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(post, Marjorie Taylor)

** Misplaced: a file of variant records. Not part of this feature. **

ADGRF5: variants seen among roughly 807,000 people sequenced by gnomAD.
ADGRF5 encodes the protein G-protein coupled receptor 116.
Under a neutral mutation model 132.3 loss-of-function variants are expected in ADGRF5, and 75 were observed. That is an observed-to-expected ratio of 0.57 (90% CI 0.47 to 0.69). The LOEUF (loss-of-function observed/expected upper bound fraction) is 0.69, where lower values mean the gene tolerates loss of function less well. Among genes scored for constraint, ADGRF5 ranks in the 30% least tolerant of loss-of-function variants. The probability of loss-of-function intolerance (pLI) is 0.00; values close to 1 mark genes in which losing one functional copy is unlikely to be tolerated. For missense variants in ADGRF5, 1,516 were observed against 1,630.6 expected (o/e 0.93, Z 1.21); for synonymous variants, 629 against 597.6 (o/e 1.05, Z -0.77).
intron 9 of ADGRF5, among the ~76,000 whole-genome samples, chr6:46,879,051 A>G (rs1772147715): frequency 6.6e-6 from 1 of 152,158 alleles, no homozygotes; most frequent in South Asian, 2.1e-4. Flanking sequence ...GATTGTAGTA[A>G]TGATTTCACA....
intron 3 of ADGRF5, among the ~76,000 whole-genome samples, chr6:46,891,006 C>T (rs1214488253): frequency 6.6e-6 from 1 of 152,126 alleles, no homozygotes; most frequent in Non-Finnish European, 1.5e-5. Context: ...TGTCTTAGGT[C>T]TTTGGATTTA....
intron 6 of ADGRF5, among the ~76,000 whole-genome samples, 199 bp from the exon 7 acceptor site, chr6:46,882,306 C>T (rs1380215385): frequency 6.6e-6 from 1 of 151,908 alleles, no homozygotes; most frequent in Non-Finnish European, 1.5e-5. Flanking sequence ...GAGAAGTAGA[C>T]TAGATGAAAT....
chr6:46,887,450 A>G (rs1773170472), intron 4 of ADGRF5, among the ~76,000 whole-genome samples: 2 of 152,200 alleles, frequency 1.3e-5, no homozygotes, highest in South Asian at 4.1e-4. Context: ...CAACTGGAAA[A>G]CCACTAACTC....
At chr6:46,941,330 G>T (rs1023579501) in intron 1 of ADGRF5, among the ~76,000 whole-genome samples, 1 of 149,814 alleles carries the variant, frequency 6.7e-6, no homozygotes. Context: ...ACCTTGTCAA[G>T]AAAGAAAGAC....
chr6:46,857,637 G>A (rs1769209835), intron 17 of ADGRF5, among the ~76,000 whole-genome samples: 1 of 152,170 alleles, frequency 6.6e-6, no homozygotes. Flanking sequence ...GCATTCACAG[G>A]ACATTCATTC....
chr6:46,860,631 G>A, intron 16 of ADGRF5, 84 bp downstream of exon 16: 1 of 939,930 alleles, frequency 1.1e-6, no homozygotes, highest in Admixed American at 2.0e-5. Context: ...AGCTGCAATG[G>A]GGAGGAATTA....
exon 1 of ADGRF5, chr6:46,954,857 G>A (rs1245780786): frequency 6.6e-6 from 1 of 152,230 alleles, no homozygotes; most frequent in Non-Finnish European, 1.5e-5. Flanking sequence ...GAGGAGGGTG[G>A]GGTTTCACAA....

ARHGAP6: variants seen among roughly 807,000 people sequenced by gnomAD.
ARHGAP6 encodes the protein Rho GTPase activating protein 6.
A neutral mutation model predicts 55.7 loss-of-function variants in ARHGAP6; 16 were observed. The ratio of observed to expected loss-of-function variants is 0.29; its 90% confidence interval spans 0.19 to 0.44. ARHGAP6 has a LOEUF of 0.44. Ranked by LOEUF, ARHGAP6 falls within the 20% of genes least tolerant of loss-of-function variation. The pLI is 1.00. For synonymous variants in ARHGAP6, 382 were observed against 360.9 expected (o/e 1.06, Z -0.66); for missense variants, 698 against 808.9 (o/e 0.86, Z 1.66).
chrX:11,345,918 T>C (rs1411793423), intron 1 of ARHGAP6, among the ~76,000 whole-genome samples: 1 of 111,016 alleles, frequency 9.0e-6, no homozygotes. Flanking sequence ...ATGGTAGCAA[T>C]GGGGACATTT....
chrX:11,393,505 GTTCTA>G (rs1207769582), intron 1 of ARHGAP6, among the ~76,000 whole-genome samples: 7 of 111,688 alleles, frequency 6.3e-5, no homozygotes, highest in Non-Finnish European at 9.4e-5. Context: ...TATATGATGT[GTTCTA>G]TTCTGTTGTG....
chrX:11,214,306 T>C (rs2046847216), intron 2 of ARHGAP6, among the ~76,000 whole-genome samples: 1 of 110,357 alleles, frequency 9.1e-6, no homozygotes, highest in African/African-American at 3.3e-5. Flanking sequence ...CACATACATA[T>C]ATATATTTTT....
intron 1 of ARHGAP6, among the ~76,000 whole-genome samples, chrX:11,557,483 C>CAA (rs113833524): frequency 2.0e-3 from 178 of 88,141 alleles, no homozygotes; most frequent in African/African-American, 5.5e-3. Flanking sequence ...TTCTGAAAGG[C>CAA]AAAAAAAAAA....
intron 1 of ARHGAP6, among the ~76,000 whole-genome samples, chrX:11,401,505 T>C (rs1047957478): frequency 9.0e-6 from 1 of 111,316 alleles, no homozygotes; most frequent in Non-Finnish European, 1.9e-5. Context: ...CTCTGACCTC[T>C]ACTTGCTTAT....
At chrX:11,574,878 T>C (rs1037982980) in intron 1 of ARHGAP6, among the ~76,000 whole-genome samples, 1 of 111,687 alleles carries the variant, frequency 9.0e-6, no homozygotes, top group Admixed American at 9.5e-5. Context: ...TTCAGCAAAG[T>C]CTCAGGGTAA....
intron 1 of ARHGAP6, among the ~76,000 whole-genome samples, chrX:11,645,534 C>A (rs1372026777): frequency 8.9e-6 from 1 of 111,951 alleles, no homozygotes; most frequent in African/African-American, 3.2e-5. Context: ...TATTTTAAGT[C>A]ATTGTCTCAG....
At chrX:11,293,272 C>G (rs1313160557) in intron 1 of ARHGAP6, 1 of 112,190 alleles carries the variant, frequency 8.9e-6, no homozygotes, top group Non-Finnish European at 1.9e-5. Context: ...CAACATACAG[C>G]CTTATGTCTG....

I woke up this morning to the church bells ringing and a quiet summer rain falling on the trees just outside my open window and thought about how I would spend my Independence Day. It is Saturday so first on the list of course, was the market. Sometimes when I visit the market, I end up with far more fruits and vegetables than I can possibly use. I'm like a kid in a candy store, I'm drawn to the beautiful colors and the smells of the produce that fill the baskets of the market vendors' stalls. It's real food and it's in season right now. The markets in France make it easy to shop with the seasons. Just by looking at the rows of tables lined up at the market, you can quickly see what is at its peak and in season. It's unfortunate that our industrialized food system in the states has blurred the natural seasons of fruits and vegetables. For the sake of convenience of produce year round, we have forgotten about the importance of cooking with the seasons and are left with fruits and vegetables that lack the fragrance and taste of perfectly ripe produce, picked in season. Apricots are at the their peak in June and will be gone before you know it. So to take advantage of the season's bounty before it slips away, I'll be making jam. One of my very favorite tasks when I studied under Anne Willan at LaVarenne, was making jam. Anne and I would walk around her 2 hectare garden in the mornings to plan the menus for the day and if the fruit was ready, the task of making jam was added to the to-do list for the day. Apricot jam is one of the easiest jams to make because apricots have a medium amount of pectin so they do not tend to underset or overset. Jam making is a tradition well worth keeping when produce is in season to extend a little bit of summer all year long. There will be no firework displays, no backyard barbecue for this American in France, but in keeping with the celebration of our Independence, I am thankful for life, liberty and the pursuit of happiness. Enjoy your weekend everyone. Jam-making equipment Jam pan Although you can prepare fruit in an ordinary large saucepan, a special jam pan will make the process easier. Jam pans are wider at the top than the bottom, which makes the evaporation process much quicker than a normal saucepan. The key to making great jam is to cook the fruit quickly so the fruit retains its bright color. Jars You will need mason jars in suitable sizes. I particularly love the sweet miniature versions of the "Le Parfait" spring-lidded jars. The jars and lids (but not the screw on bands) must be sterilized before use - either in the dishwasher or submerged in a large saucepan full of water brought to a simmer. Leave the jars and lids in the hot water until you are ready to fill them. Water canner You can use a large stock pot that will accommodate several mason jars. It should have a lid and a rack for the jars to rest on. Other equipment A wide-mouth funnel is helpful for pouring preserves into the jars. You will also need tongs, to remove the hot jars from the water canner. Depending on the number of jars, it is also helpful to have dishtowels at the ready to slip between the jars while in the canner to prevent them from banging together while they process. Processing Remove the sterilized jar from the hot water and fill it with the preserves, leaving 1/4 to 1/2 inch space at the top. Remove any air bubbles with a spatula. Place a lid on top, and screw on the band (not too tightly). Repeat with the other jams, and place them in the stock pot. Fill the stock pot with water to cover the jars by at least 1 inch. Cover the canner with the lid, bring the water to a full boil, and leave for 15 minutes. Remove the jars from the water using the tongs, and place them on a folded towel. Leave them for at least 12 hours and the test the seal by removing the band and attempting to lift the lid. If you cannot lift the lid with your fingers, the seal is secure. Replace the bands, label the jars, and store them in a cool, dark, dry place. Note: The canning jars in the states have an bubble in the center of the lid. When the jars are sealed properly, it will indent. Apricot confiture (kawn-fee-TYOOR) French for "jam" or "preserves" 1 kg apricots, just ripe 700 g granulated sugar 1/4 cup of water 1 lemon, juiced Place a few small saucers in the freezer to use to check the setting point. Cut the apricots in half and remove the pits. Reserve four or five pits, and discard the rest. Cut the apricots into 1-inch pieces. Wrap the pits in a kitchen towel, and hit them with a hammer to break the hard outer shell, but keeping the soft inner seed, which resembles an almond, in tack. Note: In France, the apricot pits are used in confections and confiture for flavoring. Remove them from the jam before ladling them into the jars as the are poisonous if eaten. In a large heavy-bottomed pot or jam pan, combine the apricots, sugar, soft inner seeds and water. Stir to combine. Bring to a boil, stirring constantly. Cook, stirring occasionally with a long wooden spoon and skimming foam as necessary, until reduced and thickened, about 15 minutes. Stir in the lemon juice. Test the jam when the juice has thickened and the bubbles are large. The setting point has been reached when a drop placed on a chilled saucer forms a skin that is visible when lightly pushed. Remove from the heat and ladle into dry, warm jars and process as normal.